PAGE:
The phone lines were fuzzy that day, she thinks, because of an
electrical storm. That's the only reason she can think of that she
was stuck with 800 pounds of squash. She thought she was ordering 80
pounds, you see, but there was static ... oh well....
banner went up across the front of the market. It was so thick you
had to duck under it to get in the store. "Giant Squash Recipe
Contest," it read.
This was fascinating, because science and mothers have been
trying for centuries to make squash edible to normal human beings.
Some thought it wasn't possible, but those folks probably think we
didn't land on the moon, either. In most of us there is this innate
belief that someone would someday make squash into an edible
Of course, we've been wrong before.
[to top of second
To enter Annette's giant squash recipe contest, you had to first
register at the store and then pick out the kind of squash you want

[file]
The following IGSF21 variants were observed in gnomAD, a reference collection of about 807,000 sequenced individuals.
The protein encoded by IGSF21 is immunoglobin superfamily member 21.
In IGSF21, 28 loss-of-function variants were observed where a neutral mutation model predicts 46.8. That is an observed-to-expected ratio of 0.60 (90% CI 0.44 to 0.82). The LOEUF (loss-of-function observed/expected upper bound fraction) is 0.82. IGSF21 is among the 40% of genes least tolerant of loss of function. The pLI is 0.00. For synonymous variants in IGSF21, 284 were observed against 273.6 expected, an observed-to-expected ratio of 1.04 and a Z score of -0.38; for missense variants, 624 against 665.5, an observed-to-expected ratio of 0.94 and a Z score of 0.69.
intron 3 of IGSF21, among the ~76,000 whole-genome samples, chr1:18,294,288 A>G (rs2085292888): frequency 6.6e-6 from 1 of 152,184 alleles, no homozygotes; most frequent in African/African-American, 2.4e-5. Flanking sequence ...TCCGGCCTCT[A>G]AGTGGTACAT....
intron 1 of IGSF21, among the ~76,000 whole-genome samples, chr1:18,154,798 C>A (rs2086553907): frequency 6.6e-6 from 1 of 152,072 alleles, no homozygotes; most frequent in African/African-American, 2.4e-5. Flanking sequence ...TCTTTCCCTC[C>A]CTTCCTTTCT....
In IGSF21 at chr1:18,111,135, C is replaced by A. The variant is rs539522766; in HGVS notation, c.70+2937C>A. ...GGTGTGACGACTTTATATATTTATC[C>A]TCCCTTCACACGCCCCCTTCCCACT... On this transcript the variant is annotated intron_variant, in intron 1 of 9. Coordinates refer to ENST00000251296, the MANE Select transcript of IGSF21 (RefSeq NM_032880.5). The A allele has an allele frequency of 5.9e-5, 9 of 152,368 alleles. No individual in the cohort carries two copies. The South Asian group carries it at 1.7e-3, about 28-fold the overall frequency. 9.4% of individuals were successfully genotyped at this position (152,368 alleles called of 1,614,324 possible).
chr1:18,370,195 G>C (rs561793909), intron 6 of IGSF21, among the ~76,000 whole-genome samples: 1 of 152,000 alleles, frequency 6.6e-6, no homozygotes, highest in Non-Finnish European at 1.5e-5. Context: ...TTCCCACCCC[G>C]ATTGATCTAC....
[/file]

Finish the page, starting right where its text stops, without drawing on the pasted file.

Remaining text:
to transform into food. Then you bring the completed dish in on
Saturday at 11 a.m., along with the recipe all written out. The
entries would be tasted by blindfolded locals whose wives had
volunteered them for the task.
By Tuesday the squash began being sold so fast that Annette's kid
had to continually bring more from the back of the store to refill
Zucchini was a favorite, closely followed by crookneck.
On Saturday, quite a crowd had gathered, because it turned out
that many of the local cooks thought their family recipe could turn
gourds into a meal. The blindfolded judges were unanimous in picking
Carla Martinez's squash dish, which had enough chili in it to
disguise brunch at Lucretia Borgia's. After the applause, Carla
proudly drove home with her prize: 100 pounds of squash.
We sure have fun around here.
[Text from file received from Slim Randles]
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